A team of international researchers at the Department of Energy’s SLAC National Accelerator Laboratory examined the properties of materials that combine graphene with a common type of semiconducting polymer and found that a thin film of the polymer transported electric charge better when grown on a single layer of graphene than it does when placed on a thin layer of silicon.

The scientists claim that their study is one of the first to measure the charge transport in these materials in the vertical direction – the direction that charge travels in organic photovoltaic devices like solar cells or in light-emitting diodes. A somewhat surprising result of the study was that a polymer film about 50 nanometers thick conducted charge about 50 times better when deposited on graphene than the same film about 10 nanometers thick.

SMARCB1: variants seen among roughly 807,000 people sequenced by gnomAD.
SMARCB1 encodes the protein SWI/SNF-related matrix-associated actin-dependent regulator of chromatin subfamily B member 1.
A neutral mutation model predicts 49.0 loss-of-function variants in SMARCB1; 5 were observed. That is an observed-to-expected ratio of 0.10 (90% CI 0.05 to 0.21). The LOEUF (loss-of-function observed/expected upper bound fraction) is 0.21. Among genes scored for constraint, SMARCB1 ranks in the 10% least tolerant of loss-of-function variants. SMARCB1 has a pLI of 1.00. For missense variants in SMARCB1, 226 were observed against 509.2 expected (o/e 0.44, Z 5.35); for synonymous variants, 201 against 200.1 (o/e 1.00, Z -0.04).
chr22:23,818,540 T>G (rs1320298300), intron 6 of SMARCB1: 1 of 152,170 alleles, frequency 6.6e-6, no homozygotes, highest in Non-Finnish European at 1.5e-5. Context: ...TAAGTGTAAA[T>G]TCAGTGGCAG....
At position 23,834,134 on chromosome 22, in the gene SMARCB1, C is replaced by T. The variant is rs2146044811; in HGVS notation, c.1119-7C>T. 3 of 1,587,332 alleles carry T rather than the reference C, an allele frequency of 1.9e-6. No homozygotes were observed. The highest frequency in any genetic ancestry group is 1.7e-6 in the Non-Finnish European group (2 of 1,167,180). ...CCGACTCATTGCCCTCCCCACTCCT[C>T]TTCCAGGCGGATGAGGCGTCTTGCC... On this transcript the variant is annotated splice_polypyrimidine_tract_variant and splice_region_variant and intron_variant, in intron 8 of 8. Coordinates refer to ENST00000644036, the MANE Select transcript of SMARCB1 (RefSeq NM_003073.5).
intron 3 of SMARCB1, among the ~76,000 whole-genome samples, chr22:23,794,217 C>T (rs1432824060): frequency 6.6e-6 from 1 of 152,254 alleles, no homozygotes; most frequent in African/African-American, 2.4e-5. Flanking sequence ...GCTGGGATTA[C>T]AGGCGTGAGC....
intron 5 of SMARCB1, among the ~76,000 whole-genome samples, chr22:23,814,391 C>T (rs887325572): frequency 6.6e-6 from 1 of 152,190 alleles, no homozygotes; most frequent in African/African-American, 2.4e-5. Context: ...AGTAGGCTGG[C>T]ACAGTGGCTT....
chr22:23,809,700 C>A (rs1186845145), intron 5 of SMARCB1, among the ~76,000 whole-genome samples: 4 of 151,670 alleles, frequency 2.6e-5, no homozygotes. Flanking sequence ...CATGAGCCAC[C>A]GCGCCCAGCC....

The team concluded that the thicker film’s structure forms a continuous pathway of interconnected crystals that allows for easier charge transport than in a regular thin film. By better controlling the thickness and crystalline structure of the semiconducting film, it may be possible to design even more efficient graphene-based organic electronic devices and benefit areas like next-generation photovoltaic devices and flexible electronic devices. 

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